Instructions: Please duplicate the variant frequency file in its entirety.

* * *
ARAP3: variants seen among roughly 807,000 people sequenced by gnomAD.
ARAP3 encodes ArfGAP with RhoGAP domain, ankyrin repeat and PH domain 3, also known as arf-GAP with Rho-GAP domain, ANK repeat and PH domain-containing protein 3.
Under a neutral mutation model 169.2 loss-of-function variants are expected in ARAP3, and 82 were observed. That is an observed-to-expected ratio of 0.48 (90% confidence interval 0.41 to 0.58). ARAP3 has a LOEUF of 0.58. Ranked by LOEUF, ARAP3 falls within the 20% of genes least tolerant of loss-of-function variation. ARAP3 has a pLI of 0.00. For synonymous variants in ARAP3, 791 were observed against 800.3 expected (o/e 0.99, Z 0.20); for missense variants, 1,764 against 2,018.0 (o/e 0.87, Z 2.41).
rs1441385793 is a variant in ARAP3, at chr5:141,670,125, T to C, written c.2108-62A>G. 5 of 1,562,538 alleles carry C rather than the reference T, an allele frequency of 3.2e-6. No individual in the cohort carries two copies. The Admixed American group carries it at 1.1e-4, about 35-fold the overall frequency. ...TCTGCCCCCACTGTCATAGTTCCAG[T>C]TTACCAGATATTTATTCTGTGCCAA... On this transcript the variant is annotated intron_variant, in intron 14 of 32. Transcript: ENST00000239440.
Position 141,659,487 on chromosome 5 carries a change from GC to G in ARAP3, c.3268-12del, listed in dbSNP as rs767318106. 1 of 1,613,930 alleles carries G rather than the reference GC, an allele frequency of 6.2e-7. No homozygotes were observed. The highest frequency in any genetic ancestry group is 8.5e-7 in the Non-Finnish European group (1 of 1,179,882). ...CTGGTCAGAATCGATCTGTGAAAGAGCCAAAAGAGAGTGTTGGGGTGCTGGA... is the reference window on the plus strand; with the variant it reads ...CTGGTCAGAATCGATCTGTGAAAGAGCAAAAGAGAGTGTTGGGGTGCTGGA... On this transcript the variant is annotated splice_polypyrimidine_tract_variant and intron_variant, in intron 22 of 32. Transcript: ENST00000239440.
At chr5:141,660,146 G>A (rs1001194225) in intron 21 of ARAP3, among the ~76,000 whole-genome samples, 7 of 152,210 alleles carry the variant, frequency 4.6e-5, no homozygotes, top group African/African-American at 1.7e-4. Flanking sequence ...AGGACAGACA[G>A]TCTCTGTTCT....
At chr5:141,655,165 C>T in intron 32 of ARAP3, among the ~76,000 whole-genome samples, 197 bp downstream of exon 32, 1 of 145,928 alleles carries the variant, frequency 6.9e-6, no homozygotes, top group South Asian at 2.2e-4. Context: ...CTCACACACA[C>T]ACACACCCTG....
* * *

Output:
ARAP3: variants seen among roughly 807,000 people sequenced by gnomAD.
ARAP3 encodes ArfGAP with RhoGAP domain, ankyrin repeat and PH domain 3, also known as arf-GAP with Rho-GAP domain, ANK repeat and PH domain-containing protein 3.
Under a neutral mutation model 169.2 loss-of-function variants are expected in ARAP3, and 82 were observed. That is an observed-to-expected ratio of 0.48 (90% confidence interval 0.41 to 0.58). ARAP3 has a LOEUF of 0.58. Ranked by LOEUF, ARAP3 falls within the 20% of genes least tolerant of loss-of-function variation. ARAP3 has a pLI of 0.00. For synonymous variants in ARAP3, 791 were observed against 800.3 expected (o/e 0.99, Z 0.20); for missense variants, 1,764 against 2,018.0 (o/e 0.87, Z 2.41).
rs1441385793 is a variant in ARAP3, at chr5:141,670,125, T to C, written c.2108-62A>G. 5 of 1,562,538 alleles carry C rather than the reference T, an allele frequency of 3.2e-6. No individual in the cohort carries two copies. The Admixed American group carries it at 1.1e-4, about 35-fold the overall frequency. ...TCTGCCCCCACTGTCATAGTTCCAG[T>C]TTACCAGATATTTATTCTGTGCCAA... On this transcript the variant is annotated intron_variant, in intron 14 of 32. Transcript: ENST00000239440.
Position 141,659,487 on chromosome 5 carries a change from GC to G in ARAP3, c.3268-12del, listed in dbSNP as rs767318106. 1 of 1,613,930 alleles carries G rather than the reference GC, an allele frequency of 6.2e-7. No homozygotes were observed. The highest frequency in any genetic ancestry group is 8.5e-7 in the Non-Finnish European group (1 of 1,179,882). ...CTGGTCAGAATCGATCTGTGAAAGAGCCAAAAGAGAGTGTTGGGGTGCTGGA... is the reference window on the plus strand; with the variant it reads ...CTGGTCAGAATCGATCTGTGAAAGAGCAAAAGAGAGTGTTGGGGTGCTGGA... On this transcript the variant is annotated splice_polypyrimidine_tract_variant and intron_variant, in intron 22 of 32. Transcript: ENST00000239440.
At chr5:141,660,146 G>A (rs1001194225) in intron 21 of ARAP3, among the ~76,000 whole-genome samples, 7 of 152,210 alleles carry the variant, frequency 4.6e-5, no homozygotes, top group African/African-American at 1.7e-4. Flanking sequence ...AGGACAGACA[G>A]TCTCTGTTCT....
At chr5:141,655,165 C>T in intron 32 of ARAP3, among the ~76,000 whole-genome samples, 197 bp downstream of exon 32, 1 of 145,928 alleles carries the variant, frequency 6.9e-6, no homozygotes, top group South Asian at 2.2e-4. Context: ...CTCACACACA[C>T]ACACACCCTG....